An Autobiography - Anthony Trollope
Trollope wrote this book six years before his death with instructions for publication after his death. It is not a book that discloses any scandal that he would not have wished published while he was alive, but he did express some opinions that he probably thought would be better kept until after his death.
As a primer for beginning writers, the book is full of good advice. Once Trollope decided to write, he set himself a certain number of pages per day, and even a set number (250) words to the page. He wrote a book and then started on another, sometimes he had two or three in process at once. He did all this while working full time for the post office as a inspector until he was fifty-five, when he had saved enough money to devote his life entirely to writing. He has many other interesting insights on how to write and what to write. One is the idea that the writer must have a "story to tell not tell a story" and another: "Of all needs a book has the chief need is that it be readable."
He allots three short chapters to the miseries of his first 26 years, but with little self-pity, simply as statement of fact, and the chapter devoted to his mother is one of praise for her saving the family by taking up writing in her fifties. His first seven years with the post office were dreary, but once he became a postal inspector, first in Ireland, later in England, he actually liked his work, and became devoted to his mission of establishing a fast postal service. He was responsible for the establishment of post boxes on the streets so people could mail letters at any time of day!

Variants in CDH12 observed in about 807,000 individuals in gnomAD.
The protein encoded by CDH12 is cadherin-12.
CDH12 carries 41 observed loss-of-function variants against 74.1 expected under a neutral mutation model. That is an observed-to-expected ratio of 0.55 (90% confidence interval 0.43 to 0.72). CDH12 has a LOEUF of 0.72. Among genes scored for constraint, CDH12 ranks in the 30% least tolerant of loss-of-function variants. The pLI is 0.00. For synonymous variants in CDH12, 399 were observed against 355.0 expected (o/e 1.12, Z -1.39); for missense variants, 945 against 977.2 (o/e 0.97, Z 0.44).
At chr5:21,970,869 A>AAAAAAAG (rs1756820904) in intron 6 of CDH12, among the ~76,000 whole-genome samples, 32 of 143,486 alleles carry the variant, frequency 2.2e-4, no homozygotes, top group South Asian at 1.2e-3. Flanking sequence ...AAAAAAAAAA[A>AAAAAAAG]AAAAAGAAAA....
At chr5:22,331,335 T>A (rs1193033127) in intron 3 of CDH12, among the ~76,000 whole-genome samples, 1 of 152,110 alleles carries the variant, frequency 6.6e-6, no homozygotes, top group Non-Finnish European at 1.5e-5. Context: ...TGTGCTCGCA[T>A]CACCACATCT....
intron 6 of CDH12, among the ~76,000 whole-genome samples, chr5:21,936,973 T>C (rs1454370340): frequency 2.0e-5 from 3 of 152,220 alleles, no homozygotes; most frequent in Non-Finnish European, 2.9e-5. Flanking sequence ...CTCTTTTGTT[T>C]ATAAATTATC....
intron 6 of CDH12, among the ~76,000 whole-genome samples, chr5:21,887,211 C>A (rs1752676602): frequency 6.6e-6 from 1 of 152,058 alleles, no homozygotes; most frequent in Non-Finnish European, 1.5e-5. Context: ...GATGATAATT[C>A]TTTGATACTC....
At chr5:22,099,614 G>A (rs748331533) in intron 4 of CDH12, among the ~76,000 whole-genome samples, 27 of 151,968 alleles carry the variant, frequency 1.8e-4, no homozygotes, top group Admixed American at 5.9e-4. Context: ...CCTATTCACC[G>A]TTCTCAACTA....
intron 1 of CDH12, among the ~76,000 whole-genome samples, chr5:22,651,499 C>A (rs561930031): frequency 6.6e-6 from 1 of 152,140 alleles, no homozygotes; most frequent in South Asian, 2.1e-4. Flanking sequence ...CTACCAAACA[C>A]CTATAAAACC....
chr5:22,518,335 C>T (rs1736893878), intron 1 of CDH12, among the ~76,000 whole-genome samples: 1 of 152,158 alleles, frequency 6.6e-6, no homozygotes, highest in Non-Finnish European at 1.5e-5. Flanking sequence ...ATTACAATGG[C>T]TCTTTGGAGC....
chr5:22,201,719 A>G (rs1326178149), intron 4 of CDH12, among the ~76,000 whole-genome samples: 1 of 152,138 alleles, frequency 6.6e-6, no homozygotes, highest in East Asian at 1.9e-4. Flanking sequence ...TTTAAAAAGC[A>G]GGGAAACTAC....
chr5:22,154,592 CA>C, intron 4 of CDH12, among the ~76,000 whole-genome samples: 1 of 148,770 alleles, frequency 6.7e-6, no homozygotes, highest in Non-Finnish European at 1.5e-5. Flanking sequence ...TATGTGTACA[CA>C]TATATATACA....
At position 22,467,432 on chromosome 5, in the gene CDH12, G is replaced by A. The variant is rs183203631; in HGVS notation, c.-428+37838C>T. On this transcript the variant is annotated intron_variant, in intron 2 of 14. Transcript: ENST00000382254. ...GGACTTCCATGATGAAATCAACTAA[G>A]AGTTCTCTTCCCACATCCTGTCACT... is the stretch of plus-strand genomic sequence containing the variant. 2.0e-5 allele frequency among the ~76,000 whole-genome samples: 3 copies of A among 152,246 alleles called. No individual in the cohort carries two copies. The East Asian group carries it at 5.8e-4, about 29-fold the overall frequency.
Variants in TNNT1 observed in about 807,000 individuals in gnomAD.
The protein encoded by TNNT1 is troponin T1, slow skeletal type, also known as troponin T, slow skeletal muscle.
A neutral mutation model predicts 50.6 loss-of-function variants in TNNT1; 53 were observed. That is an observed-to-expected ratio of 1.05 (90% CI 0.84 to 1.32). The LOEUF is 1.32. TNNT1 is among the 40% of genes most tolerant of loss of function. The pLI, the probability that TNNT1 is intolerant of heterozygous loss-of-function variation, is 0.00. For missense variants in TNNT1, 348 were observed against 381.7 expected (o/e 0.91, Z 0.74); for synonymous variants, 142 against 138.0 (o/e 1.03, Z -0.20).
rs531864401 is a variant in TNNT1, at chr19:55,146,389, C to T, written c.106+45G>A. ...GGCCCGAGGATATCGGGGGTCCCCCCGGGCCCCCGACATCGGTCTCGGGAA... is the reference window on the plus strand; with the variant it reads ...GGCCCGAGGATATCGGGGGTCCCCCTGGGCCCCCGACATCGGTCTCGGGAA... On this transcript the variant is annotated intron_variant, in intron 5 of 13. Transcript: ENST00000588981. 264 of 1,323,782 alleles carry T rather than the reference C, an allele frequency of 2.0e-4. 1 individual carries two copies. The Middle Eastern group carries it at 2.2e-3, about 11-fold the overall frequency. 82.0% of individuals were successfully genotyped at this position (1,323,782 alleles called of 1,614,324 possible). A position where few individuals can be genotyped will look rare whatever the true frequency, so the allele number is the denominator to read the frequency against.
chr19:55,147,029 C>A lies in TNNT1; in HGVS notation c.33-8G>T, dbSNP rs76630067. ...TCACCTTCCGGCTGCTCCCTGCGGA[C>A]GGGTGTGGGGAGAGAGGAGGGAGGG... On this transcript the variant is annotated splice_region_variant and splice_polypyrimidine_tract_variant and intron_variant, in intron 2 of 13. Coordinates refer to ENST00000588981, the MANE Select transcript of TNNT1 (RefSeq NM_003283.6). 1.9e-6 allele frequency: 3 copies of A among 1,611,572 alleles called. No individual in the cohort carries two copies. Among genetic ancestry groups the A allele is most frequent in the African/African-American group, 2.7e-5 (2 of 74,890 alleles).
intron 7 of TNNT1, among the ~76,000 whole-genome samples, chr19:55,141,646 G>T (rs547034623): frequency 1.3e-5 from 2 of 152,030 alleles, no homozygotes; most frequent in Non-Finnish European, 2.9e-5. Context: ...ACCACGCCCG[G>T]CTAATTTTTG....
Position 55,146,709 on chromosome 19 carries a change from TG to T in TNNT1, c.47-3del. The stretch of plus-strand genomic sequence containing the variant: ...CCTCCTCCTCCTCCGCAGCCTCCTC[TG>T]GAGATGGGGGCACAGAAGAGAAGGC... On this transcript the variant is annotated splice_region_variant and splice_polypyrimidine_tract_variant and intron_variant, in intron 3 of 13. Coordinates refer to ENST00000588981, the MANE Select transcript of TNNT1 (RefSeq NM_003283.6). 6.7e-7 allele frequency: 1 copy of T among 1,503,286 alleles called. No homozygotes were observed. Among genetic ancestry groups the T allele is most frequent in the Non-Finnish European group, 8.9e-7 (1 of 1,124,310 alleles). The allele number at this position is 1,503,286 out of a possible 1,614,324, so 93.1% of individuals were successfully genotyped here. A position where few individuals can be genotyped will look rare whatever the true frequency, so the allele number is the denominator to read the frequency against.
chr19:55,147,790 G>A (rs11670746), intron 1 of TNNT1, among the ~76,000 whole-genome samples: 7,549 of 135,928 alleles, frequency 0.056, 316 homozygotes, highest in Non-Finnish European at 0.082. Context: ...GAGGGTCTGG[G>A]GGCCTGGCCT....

His comments on his books are particularly interesting as he is dismissive of many, some of which were more popular with readers and critics than with him. He praises others, some of which the critics did not appreciate. He clearly lets neither praise nor criticism keep him from his appointed task - to write continually. It is at the end of the book that we understand that his writing was not a task however, but the essence of his life.
He states: "For what remains to me of life I trust for my happiness still chiefly to my working--hoping that when the power of work be over with me, God may be pleased to take me from a world in which, according to my view, there can be no joy; secondly to the love of those who love me; and then to my books. That I can read and be happy while I am reading is a great blessing. Could I remember, as some men do, what I read. I should have been able to call myself an educated man. But that power I have never possessed. Something is always left,--something dim and inaccurate,-but still something sufficient to preserve the taste for more. I am inclined to think that is so with most readers." (I am inclined to agree!)
For readers of Trollope and for writers, this is a gem.
Virtual library, Amazon